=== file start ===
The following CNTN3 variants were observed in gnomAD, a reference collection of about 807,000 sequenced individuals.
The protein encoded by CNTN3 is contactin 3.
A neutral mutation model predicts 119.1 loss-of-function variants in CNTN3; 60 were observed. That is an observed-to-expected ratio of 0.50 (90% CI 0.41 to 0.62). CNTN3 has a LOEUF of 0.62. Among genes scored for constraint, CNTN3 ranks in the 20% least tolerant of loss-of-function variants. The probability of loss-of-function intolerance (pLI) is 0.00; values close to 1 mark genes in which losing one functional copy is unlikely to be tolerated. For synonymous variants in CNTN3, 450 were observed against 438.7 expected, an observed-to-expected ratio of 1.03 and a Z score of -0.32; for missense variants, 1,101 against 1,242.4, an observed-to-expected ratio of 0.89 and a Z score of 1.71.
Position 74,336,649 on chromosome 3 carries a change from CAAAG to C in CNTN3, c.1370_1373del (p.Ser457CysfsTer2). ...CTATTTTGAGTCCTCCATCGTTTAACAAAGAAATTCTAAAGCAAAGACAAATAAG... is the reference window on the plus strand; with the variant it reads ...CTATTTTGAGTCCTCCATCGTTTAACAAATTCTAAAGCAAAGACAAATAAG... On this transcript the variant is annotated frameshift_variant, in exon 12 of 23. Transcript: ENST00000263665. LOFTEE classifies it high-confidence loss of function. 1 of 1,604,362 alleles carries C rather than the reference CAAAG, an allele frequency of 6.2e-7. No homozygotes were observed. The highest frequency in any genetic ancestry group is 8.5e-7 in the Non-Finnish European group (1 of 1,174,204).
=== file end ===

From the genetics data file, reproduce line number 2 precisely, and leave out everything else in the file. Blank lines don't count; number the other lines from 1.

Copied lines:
The protein encoded by CNTN3 is contactin 3.